Paul McCartney has somewhat belatedly responded to the hysterical speculation that followed his announcement earlier this month that a “new” Beatles song has been created from a late ‘70s John Lennon demo recording with the assistance of AI.
“Been great to see such an exciting response to our forthcoming Beatles project,” he wrote on social media. “No one is more excited than us to be sharing something with you later in the year.
“We’ve seen some confusion and speculation about it,” he continued. “Seems to be a lot of guess work out there. Can’t say too much at this stage but to be clear, nothing has been artificially or synthetically created. It’s all real and we all play on it. We cleaned up some existing recordings – a process which has gone on for years.
“We hope you love it as much as we do. More news in due course – Paul.”
McCartney’s initial announcement of the track during a June 12 BBC interview was relatively clear if short on details — “It was a demo that John had that we worked on, and we just finished it up, it’ll be released this year,” he said. “We were able to take John’s voice and get it pure through this AI, so then we could mix the record as you would normally do.”
Due to the recent uproar around what AI might mean for the music business — and alarm from musicians that it might actually make them obsolete — many fans assumed that the announcement meant AI had been used to fabricate a Lennon song and vocal, as the anonymous artist Ghostwriter did earlier this year by creating the song “Heart on My Sleeve,” which featured false, AI-generated vocals from Drake and the Weeknd. (That song ultimately was removed from streaming services for copyright violations, even though the exact legal issues around it remain unclear.) As McCartney clarified today, that was never the case with this “new” Beatles song.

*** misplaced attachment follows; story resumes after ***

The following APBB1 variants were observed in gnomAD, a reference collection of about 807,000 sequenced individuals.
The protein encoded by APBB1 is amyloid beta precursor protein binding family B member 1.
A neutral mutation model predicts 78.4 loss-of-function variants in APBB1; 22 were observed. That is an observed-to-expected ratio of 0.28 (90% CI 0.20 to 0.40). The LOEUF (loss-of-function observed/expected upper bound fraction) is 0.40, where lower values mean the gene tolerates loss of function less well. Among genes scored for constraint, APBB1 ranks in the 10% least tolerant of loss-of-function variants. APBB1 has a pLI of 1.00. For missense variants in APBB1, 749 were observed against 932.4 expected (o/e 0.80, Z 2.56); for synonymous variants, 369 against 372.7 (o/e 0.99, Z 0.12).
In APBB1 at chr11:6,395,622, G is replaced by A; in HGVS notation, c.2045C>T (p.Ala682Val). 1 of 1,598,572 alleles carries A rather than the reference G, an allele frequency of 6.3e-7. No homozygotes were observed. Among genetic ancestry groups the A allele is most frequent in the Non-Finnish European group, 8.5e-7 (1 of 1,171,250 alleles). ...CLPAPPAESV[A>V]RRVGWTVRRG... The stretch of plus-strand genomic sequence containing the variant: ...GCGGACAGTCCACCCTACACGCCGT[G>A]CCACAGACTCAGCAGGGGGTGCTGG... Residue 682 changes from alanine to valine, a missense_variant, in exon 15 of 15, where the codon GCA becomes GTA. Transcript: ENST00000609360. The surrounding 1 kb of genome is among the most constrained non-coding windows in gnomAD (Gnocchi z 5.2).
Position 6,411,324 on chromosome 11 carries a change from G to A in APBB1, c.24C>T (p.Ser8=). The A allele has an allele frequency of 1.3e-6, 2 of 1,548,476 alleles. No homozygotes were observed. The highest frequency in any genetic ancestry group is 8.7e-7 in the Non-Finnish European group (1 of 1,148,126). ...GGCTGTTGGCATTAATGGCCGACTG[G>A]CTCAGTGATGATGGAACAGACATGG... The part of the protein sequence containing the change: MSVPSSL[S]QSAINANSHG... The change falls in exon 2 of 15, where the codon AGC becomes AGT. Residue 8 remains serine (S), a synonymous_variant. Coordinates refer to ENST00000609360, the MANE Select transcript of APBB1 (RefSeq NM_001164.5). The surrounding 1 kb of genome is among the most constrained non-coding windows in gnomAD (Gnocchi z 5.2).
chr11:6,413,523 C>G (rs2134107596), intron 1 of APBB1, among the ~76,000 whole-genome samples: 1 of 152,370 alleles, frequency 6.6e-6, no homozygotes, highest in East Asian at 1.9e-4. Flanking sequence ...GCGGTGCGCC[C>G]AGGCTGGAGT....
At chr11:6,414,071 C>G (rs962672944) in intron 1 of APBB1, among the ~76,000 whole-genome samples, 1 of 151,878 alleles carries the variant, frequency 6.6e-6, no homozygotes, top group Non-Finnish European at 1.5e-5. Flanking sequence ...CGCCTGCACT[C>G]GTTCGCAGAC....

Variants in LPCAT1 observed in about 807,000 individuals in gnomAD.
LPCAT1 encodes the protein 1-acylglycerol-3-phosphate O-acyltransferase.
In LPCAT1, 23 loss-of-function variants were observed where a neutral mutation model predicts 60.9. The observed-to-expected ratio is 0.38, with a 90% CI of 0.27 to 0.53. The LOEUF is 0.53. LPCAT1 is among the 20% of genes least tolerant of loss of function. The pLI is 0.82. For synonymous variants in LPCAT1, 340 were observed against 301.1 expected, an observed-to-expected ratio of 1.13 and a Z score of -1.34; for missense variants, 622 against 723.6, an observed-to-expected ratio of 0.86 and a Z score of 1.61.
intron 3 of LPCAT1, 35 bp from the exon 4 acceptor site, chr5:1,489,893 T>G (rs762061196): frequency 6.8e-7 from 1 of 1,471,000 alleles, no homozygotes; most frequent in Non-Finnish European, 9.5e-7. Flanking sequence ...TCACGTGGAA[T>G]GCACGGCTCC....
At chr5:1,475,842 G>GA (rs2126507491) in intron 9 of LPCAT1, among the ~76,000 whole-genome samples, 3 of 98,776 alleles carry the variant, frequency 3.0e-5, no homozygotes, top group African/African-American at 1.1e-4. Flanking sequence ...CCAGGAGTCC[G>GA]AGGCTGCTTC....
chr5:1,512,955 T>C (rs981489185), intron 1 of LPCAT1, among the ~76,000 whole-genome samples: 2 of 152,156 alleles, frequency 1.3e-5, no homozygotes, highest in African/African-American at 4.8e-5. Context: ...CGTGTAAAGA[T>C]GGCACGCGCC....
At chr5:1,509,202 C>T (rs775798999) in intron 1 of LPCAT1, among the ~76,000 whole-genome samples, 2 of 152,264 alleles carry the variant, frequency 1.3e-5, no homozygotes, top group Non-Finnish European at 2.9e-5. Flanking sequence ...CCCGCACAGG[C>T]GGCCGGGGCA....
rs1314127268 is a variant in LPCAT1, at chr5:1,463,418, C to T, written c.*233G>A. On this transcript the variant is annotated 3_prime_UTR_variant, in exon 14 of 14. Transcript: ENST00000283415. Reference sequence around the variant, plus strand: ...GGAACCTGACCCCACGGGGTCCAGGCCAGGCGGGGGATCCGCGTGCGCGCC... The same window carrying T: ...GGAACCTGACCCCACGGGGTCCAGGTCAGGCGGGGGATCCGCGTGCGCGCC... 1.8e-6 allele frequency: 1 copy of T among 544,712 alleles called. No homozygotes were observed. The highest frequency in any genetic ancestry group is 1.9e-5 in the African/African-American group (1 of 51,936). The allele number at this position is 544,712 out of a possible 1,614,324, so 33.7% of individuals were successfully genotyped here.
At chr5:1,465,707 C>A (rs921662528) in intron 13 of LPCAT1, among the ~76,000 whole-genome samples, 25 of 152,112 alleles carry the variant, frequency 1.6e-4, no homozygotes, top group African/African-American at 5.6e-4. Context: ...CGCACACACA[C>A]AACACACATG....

Although McCartney did not reveal the song’s title, sources say it was a demo recorded during the late 1970s that Lennon’s widow Yoko had sent to the surviving Beatles in the 1990s while they were preparing material for their “Anthology” albums and videos. While the bandmembers and producer Jeff Lynne created two other songs from Lennon demos from the same era — “Free as a Bird” and “Real Love,” both of which were released on the “Anthology” series — the “new” song was not considered suitable for release, particularly by George Harrison, one source said.
Whether that was due to the sound quality of the recording or the song itself is unclear, but McCartney clearly feels that using a similar version of the AI technology that director Peter Jackson used to isolate and clean up voices in the 2021 “Get Back” documentary taken from 1969 film footage — in which conversations previously obscured by background noise or other voices could be isolated — renders the song suitable for release.
However, neither the new song nor “Free as a Bird” and “Real Love” can be considered “lost” Beatles songs — they’re songs Lennon recorded and apparently wrote in the late 1970s, many years after the group had broken up — nor do many fans feel they’re up to the standards set by the group during its career. The Beatles split up in the fall of 1969 but did not announce the news until the following spring.
In the BBC interview, McCartney called AI “a very interesting thing,” adding, “It’s something we’re all sort of tackling at the moment and trying to deal with. What it means? I don’t hear that much because I’m not on the internet that much, but people will say to me, ‘Oh, there’s a track where John is singing one of my songs.’ And it isn’t. It’s just AI All of that is kind of scary, but exciting because it’s the future.”
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